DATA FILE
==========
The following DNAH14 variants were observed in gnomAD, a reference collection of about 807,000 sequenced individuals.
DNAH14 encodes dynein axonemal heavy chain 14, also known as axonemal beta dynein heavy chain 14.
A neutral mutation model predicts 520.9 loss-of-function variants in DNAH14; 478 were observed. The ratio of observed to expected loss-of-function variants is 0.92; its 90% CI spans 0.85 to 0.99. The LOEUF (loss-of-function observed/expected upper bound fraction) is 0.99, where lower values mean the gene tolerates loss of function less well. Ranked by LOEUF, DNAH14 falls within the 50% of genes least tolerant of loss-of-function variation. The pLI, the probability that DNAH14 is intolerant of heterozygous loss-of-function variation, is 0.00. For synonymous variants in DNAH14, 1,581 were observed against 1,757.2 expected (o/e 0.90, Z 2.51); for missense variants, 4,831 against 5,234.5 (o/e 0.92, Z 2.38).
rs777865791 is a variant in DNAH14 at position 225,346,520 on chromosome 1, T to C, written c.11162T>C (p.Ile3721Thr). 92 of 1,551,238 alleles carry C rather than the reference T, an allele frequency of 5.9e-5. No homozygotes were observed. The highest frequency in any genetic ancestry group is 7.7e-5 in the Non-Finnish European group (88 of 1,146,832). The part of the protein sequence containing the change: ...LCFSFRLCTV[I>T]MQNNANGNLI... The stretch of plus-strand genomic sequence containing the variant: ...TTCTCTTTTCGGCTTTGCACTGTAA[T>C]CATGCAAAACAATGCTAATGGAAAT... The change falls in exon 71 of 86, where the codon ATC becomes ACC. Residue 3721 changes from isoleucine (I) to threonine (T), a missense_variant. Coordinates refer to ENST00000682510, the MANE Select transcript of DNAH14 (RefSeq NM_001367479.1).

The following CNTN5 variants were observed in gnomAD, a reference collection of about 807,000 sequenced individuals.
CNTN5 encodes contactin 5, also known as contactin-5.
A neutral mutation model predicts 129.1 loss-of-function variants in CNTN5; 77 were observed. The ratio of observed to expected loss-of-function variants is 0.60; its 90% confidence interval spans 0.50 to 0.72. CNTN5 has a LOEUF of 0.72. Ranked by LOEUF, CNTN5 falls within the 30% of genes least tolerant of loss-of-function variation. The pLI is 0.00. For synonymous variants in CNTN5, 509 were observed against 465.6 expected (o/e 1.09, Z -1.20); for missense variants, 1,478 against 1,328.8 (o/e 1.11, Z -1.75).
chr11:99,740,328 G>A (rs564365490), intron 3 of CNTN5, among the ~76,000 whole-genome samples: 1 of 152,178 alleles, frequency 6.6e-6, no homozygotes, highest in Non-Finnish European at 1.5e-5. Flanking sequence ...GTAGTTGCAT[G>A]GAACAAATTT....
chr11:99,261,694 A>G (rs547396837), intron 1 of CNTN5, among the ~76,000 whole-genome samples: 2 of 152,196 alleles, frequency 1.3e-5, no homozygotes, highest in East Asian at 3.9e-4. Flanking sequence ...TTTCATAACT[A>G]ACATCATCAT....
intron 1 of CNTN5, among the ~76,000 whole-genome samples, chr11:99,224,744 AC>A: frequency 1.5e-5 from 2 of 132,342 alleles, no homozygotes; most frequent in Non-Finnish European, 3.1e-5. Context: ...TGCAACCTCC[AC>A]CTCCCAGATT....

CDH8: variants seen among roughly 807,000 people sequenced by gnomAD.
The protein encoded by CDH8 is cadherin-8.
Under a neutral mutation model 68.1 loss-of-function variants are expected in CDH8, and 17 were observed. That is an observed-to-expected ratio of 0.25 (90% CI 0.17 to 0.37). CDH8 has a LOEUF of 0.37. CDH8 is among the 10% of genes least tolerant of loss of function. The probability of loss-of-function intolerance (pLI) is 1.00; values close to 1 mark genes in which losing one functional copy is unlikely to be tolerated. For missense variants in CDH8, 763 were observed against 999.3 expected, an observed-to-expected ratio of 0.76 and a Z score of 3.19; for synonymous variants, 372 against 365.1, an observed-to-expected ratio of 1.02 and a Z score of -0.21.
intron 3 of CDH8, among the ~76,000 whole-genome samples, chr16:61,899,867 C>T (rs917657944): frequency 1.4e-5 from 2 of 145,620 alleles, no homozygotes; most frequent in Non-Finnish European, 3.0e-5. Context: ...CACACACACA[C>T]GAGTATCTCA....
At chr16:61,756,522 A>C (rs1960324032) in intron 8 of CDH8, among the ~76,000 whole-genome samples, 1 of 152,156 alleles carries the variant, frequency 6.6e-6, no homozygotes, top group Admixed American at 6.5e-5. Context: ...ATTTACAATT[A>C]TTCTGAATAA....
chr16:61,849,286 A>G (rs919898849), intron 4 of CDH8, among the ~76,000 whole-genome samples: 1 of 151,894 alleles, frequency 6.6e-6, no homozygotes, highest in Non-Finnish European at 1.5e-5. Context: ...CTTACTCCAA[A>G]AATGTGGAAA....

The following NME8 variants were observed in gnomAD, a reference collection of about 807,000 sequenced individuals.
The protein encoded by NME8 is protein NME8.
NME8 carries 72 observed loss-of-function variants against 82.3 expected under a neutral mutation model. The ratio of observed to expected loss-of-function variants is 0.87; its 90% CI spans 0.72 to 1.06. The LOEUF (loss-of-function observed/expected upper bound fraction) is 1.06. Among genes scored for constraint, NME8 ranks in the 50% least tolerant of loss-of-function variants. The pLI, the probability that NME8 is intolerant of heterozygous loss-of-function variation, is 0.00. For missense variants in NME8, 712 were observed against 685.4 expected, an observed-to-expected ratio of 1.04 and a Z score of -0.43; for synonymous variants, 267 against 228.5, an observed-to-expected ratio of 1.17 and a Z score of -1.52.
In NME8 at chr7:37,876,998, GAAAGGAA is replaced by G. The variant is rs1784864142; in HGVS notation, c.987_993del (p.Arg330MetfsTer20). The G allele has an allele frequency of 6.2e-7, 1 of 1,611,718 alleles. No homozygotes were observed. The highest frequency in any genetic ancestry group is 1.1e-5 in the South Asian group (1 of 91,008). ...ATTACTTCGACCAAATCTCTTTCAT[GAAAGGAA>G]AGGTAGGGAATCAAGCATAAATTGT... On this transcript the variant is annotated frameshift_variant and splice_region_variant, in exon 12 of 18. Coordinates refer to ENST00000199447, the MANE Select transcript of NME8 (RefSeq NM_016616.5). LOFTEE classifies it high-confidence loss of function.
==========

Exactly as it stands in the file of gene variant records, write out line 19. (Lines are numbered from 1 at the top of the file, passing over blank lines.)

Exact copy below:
NME8 carries 72 observed loss-of-function variants against 82.3 expected under a neutral mutation model. The ratio of observed to expected loss-of-function variants is 0.87; its 90% CI spans 0.72 to 1.06. The LOEUF (loss-of-function observed/expected upper bound fraction) is 1.06. Among genes scored for constraint, NME8 ranks in the 50% least tolerant of loss-of-function variants. The pLI, the probability that NME8 is intolerant of heterozygous loss-of-function variation, is 0.00. For missense variants in NME8, 712 were observed against 685.4 expected, an observed-to-expected ratio of 1.04 and a Z score of -0.43; for synonymous variants, 267 against 228.5, an observed-to-expected ratio of 1.17 and a Z score of -1.52.